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The beginnings of the Münzkabinett (Numismatic Collection) date back to the art collection of the Electors of Brandenburg. In 1649 there were already about 5,000 items, mainly ancient coins. In 1830 the Numismatic Collection moved for the first time into its own rooms at the Altes Museum where it could be viewed by the public.
In 1868 the collection was awarded independent status as a museum. By the end of the German Empire in 1918 the number of coins had increased significantly as a result of numerous purchases and the acquisition of large private collections. In 1904 the collection moved to its new home at the Kaiser Friedrich Museum (renamed Bode Museum in 1956) where rooms on the lower floor facing Kupfergraben were specially redesigned to suit the needs of the Numismatic Collection.
The collection managed to survive the Second World War in the air-raid shelter belonging to the Pergamon Museum. From there it was taken to the Soviet Union and returned in 1957. As the Numismatic Collection was situated in the east of the city it belonged to the Staatliche Museen zu Berlin (National Museums in Berlin) of the German Democratic Republic. With German reunification the collection became part of the Stiftung Preußischer Kulturbesitz (Foundation of Prussian Cultural Heritage).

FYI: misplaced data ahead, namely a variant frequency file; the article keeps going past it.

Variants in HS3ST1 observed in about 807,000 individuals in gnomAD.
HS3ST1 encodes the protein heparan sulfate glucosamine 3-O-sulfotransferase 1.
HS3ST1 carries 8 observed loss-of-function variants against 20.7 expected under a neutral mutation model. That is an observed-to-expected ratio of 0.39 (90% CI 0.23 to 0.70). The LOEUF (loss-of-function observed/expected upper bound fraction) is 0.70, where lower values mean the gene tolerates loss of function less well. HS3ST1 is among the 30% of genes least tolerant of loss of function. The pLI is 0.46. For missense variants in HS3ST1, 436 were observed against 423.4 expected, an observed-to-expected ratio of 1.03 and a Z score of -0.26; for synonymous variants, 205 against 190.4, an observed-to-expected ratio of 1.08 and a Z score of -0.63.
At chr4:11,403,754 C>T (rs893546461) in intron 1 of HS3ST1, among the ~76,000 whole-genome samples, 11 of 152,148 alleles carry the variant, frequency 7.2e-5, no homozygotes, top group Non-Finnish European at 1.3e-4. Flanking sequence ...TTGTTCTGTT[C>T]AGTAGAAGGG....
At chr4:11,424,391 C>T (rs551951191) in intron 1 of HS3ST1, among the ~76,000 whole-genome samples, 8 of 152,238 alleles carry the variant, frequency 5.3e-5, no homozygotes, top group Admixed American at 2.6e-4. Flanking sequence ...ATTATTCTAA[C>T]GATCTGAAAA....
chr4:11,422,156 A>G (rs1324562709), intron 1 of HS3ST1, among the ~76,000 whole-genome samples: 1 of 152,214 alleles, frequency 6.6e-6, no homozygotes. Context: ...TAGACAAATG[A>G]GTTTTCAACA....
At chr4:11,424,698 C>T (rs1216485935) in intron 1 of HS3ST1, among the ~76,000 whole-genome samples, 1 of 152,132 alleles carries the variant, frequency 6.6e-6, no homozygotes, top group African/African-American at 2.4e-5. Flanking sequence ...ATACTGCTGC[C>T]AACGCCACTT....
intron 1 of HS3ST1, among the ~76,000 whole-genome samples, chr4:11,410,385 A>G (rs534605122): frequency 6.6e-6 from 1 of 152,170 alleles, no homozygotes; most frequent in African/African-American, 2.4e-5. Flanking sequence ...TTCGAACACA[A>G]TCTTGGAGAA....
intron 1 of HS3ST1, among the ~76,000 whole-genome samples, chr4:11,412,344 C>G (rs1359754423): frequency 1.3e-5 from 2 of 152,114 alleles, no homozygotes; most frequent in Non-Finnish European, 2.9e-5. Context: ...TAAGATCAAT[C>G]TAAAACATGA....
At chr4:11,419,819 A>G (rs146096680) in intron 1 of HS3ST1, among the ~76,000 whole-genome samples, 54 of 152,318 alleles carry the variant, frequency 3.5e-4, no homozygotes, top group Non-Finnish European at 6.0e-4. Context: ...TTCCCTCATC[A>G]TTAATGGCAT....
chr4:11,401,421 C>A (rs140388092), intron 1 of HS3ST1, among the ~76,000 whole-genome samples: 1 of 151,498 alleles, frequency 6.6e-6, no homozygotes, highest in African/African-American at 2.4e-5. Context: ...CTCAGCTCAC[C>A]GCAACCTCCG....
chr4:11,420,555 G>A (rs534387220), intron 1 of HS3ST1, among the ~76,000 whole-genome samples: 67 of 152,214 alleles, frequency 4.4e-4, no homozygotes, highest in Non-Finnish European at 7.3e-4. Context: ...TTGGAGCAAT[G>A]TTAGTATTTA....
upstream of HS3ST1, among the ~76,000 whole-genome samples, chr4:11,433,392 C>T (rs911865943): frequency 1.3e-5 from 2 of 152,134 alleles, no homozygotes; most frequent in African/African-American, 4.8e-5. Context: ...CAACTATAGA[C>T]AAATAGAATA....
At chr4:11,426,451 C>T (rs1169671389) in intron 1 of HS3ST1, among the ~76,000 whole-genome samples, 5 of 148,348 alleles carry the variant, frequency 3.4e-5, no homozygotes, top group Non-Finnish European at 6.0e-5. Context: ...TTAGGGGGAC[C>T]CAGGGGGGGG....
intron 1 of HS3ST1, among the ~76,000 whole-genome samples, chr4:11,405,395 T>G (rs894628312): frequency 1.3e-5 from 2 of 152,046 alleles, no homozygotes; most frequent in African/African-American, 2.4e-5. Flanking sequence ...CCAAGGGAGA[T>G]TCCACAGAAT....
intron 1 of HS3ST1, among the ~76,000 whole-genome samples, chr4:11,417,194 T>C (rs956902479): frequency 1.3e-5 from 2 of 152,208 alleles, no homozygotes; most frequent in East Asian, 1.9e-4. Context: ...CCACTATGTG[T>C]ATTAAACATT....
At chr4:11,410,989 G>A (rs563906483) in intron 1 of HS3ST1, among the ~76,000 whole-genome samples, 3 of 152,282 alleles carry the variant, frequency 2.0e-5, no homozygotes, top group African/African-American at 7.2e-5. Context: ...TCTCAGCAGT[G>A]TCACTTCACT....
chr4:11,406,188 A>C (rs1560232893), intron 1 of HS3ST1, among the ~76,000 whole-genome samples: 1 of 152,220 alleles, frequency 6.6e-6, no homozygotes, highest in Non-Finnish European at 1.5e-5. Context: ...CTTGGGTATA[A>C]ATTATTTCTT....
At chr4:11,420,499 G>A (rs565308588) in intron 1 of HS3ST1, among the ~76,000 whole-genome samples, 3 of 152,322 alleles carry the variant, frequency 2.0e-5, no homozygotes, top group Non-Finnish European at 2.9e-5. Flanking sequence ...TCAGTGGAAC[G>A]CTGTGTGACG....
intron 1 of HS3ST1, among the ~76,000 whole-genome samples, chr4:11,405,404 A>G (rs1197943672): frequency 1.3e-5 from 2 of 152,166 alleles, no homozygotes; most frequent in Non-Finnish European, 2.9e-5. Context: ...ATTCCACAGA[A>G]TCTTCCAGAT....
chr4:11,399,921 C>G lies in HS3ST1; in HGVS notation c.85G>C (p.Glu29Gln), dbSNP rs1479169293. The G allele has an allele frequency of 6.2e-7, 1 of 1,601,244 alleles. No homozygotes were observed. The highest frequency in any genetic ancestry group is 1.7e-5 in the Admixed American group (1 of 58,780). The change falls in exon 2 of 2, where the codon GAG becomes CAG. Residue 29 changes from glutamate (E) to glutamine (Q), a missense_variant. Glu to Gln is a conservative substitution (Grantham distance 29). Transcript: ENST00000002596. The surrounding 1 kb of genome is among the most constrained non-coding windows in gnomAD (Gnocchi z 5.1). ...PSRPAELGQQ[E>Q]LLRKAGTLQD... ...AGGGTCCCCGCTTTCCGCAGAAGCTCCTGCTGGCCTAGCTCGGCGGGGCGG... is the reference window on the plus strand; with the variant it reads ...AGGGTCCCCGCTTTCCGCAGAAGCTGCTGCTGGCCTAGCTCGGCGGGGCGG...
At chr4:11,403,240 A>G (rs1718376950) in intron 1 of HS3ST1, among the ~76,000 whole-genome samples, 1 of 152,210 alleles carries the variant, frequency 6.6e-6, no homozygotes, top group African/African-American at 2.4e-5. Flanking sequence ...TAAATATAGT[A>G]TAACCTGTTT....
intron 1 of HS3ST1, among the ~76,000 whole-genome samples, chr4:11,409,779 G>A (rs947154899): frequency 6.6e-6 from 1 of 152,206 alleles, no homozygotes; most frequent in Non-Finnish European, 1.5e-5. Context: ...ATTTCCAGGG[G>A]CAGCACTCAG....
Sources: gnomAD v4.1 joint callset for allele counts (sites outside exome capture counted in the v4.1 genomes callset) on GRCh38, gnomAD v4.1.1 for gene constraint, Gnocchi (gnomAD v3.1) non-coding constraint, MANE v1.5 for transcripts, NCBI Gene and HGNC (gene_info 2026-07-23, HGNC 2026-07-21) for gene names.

In the 1990s, the initial of reconstruction of the Bode Museum began; in August 2000 basic restoration work followed. The Numismatic Collection re-opened on 22 October 2004 as the first of the Bode Museum's collections. Until the Bode Museum re-opens in its entirety in 2006, only the study room of the Numismatic Collection will be accessible to the public. In the meantime, the collection is presented in a permanent display of 2,000 first-class exhibits of ancient coins at the Pergamon Museum. Selected coins are also exhibited at the Altes Museum and the Museum of Pre- and Early History.